Tuesday, February 22, 2011

The Indwelling Spirit: You Must Become a Fool to Become Wise

In medieval times, every King had a court jester. The jester was the only person permitted to criticize the King, to prick his pride, to deflate his ego. Carlos Castenada writes of the "trickster" who is a guide to enlightenment. In the same vein, the ever insightful minister, Ted Nottingham, took the following verses as the basis for his sermon on the "Indwelling Spirit" (a podcast of which is available here):

"Do you not know that you are the temple of God. and that the Spirit of God dwells in you? . . . Let no one deceive himself. If anyone among you seems to be wise in the ways of this world, let him become a fool so that he may become wise. For the wisdom of this world is foolishness. For it is written, He catches the wise in their own craftiness. And again, the Lord knows the thoughts of the wise, that they are vain."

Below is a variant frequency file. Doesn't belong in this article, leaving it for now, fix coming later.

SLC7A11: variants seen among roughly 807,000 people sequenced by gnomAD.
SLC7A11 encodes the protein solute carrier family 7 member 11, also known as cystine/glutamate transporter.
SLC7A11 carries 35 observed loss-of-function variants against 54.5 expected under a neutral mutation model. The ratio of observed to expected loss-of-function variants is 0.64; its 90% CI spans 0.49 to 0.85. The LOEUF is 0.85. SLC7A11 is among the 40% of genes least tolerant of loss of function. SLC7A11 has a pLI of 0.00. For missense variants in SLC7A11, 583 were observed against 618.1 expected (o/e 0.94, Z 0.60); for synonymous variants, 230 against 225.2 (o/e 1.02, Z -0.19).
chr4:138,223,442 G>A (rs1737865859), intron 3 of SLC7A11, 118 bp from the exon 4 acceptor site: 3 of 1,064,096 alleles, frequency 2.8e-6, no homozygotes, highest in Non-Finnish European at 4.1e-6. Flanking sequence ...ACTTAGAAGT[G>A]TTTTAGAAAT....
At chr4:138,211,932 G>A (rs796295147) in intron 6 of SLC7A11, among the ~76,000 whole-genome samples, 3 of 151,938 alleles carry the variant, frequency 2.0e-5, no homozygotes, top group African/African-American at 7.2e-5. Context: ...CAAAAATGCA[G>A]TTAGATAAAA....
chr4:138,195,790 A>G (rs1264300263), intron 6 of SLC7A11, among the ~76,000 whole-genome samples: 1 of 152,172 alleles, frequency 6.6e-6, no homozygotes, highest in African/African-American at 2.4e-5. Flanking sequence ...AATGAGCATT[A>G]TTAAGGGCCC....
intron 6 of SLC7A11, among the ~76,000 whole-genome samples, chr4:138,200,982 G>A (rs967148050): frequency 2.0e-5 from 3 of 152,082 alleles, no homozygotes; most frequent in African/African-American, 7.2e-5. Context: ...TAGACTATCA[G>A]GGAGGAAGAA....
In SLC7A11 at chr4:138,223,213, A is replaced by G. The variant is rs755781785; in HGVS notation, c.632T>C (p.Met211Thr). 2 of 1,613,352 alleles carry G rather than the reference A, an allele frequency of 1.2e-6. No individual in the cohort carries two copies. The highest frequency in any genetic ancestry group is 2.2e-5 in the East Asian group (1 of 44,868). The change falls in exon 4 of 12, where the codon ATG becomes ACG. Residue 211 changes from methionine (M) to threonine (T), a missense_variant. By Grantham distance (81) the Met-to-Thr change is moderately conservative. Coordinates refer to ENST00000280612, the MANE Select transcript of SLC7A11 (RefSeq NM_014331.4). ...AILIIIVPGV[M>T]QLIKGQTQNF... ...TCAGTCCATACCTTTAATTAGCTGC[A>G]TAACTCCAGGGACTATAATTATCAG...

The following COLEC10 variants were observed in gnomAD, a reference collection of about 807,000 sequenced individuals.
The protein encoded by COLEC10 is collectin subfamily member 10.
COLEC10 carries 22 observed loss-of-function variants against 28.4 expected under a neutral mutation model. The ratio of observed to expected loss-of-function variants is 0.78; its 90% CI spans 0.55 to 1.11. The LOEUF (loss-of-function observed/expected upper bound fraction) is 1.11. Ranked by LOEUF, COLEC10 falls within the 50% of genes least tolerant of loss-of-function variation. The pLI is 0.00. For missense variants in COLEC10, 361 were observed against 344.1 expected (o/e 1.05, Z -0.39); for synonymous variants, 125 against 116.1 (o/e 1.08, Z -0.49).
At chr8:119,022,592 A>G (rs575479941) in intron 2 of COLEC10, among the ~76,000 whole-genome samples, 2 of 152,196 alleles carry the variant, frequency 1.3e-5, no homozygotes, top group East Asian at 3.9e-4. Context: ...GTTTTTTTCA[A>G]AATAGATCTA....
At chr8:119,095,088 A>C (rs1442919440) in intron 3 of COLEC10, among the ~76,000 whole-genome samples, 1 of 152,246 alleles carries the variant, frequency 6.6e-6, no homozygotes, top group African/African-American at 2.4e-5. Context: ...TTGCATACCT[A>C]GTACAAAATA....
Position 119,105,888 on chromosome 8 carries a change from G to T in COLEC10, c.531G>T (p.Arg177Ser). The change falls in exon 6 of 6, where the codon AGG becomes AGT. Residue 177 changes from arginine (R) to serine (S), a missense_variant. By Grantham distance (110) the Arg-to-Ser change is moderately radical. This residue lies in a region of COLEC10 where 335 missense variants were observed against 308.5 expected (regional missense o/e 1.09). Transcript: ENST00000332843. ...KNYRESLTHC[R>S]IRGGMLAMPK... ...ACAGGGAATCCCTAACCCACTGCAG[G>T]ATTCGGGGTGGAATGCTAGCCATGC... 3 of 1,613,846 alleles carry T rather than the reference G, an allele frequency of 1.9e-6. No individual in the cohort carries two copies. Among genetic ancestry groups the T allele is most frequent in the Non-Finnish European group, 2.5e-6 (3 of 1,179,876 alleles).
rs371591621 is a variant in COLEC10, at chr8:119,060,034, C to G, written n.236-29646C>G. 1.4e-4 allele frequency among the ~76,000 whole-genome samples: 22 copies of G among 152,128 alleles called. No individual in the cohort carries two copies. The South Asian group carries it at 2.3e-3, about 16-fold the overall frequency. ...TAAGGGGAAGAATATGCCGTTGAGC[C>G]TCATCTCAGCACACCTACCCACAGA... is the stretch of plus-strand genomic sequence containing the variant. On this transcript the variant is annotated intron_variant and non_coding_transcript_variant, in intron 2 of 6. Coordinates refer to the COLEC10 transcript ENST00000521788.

(I Corinth. 3:16-20)
As rendered in Phillip's The New Testament in Modern English, the verses read (in part): "Let no one be under any illusion over this. If any man among you thinks himself one of the world's clever ones, let him discard his cleverness that  he may learn to be truly wise. For this world's cleverness is stupidity to God."

Or, as the Sufi mystic and poet Rumi wrote: "Sell your cleverness and buy bewilderment."

A relentlessly progressive minister who urges his congregation to wake up to the spiritual reality of who and what they are, Nottingham points out the futility and frustrations that are inevitable for those who relentlessly take their life situation too seriously. He urges his congregation to let go of their anxieties and petty fears so that they can attain a higher consciousness and realize their "Indwelling Spirit."

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